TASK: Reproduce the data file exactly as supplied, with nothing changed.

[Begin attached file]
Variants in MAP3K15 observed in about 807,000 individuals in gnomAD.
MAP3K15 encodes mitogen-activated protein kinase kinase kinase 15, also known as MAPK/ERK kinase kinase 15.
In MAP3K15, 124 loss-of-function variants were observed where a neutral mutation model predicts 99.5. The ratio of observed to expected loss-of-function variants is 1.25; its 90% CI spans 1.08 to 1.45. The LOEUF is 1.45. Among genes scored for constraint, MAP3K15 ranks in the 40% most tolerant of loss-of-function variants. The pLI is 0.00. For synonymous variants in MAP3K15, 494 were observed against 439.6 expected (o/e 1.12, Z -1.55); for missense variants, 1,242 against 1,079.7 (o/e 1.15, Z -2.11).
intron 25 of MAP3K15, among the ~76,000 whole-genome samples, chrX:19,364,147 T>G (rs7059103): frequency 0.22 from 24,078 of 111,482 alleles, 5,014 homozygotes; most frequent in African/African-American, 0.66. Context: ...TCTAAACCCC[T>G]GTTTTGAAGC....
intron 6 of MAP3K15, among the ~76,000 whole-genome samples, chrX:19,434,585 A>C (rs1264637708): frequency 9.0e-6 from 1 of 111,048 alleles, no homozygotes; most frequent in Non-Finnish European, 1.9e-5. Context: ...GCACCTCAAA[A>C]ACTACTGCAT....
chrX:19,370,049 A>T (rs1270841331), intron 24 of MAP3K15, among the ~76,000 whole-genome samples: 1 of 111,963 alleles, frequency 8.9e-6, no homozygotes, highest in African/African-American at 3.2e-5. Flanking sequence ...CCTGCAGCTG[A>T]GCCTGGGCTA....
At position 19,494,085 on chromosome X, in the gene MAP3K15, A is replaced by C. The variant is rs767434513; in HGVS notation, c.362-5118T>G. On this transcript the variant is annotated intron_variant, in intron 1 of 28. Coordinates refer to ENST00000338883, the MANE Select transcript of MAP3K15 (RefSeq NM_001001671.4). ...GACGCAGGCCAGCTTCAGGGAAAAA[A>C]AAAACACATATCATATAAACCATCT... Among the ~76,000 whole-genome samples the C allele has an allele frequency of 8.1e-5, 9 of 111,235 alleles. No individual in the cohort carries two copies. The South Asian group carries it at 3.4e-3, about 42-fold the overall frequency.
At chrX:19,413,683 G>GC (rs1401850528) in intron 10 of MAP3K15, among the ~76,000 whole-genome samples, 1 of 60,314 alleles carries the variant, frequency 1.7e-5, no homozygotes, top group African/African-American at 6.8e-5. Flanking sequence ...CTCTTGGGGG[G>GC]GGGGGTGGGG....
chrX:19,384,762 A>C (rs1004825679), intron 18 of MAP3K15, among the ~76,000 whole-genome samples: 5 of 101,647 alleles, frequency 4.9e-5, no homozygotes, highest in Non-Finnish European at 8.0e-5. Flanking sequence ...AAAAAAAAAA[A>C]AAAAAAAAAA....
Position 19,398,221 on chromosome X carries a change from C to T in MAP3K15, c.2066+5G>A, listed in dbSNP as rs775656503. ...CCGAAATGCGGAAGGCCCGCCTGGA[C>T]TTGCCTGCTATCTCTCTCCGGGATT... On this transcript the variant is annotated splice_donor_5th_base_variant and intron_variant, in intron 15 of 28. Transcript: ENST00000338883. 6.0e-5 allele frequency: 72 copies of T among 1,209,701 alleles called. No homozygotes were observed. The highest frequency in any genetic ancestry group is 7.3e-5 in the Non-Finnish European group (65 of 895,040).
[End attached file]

Variants in MAP3K15 observed in about 807,000 individuals in gnomAD.
MAP3K15 encodes mitogen-activated protein kinase kinase kinase 15, also known as MAPK/ERK kinase kinase 15.
In MAP3K15, 124 loss-of-function variants were observed where a neutral mutation model predicts 99.5. The ratio of observed to expected loss-of-function variants is 1.25; its 90% CI spans 1.08 to 1.45. The LOEUF is 1.45. Among genes scored for constraint, MAP3K15 ranks in the 40% most tolerant of loss-of-function variants. The pLI is 0.00. For synonymous variants in MAP3K15, 494 were observed against 439.6 expected (o/e 1.12, Z -1.55); for missense variants, 1,242 against 1,079.7 (o/e 1.15, Z -2.11).
intron 25 of MAP3K15, among the ~76,000 whole-genome samples, chrX:19,364,147 T>G (rs7059103): frequency 0.22 from 24,078 of 111,482 alleles, 5,014 homozygotes; most frequent in African/African-American, 0.66. Context: ...TCTAAACCCC[T>G]GTTTTGAAGC....
intron 6 of MAP3K15, among the ~76,000 whole-genome samples, chrX:19,434,585 A>C (rs1264637708): frequency 9.0e-6 from 1 of 111,048 alleles, no homozygotes; most frequent in Non-Finnish European, 1.9e-5. Context: ...GCACCTCAAA[A>C]ACTACTGCAT....
chrX:19,370,049 A>T (rs1270841331), intron 24 of MAP3K15, among the ~76,000 whole-genome samples: 1 of 111,963 alleles, frequency 8.9e-6, no homozygotes, highest in African/African-American at 3.2e-5. Flanking sequence ...CCTGCAGCTG[A>T]GCCTGGGCTA....
At position 19,494,085 on chromosome X, in the gene MAP3K15, A is replaced by C. The variant is rs767434513; in HGVS notation, c.362-5118T>G. On this transcript the variant is annotated intron_variant, in intron 1 of 28. Coordinates refer to ENST00000338883, the MANE Select transcript of MAP3K15 (RefSeq NM_001001671.4). ...GACGCAGGCCAGCTTCAGGGAAAAA[A>C]AAAACACATATCATATAAACCATCT... Among the ~76,000 whole-genome samples the C allele has an allele frequency of 8.1e-5, 9 of 111,235 alleles. No individual in the cohort carries two copies. The South Asian group carries it at 3.4e-3, about 42-fold the overall frequency.
At chrX:19,413,683 G>GC (rs1401850528) in intron 10 of MAP3K15, among the ~76,000 whole-genome samples, 1 of 60,314 alleles carries the variant, frequency 1.7e-5, no homozygotes, top group African/African-American at 6.8e-5. Flanking sequence ...CTCTTGGGGG[G>GC]GGGGGTGGGG....
chrX:19,384,762 A>C (rs1004825679), intron 18 of MAP3K15, among the ~76,000 whole-genome samples: 5 of 101,647 alleles, frequency 4.9e-5, no homozygotes, highest in Non-Finnish European at 8.0e-5. Flanking sequence ...AAAAAAAAAA[A>C]AAAAAAAAAA....
Position 19,398,221 on chromosome X carries a change from C to T in MAP3K15, c.2066+5G>A, listed in dbSNP as rs775656503. ...CCGAAATGCGGAAGGCCCGCCTGGA[C>T]TTGCCTGCTATCTCTCTCCGGGATT... On this transcript the variant is annotated splice_donor_5th_base_variant and intron_variant, in intron 15 of 28. Transcript: ENST00000338883. 6.0e-5 allele frequency: 72 copies of T among 1,209,701 alleles called. No homozygotes were observed. The highest frequency in any genetic ancestry group is 7.3e-5 in the Non-Finnish European group (65 of 895,040).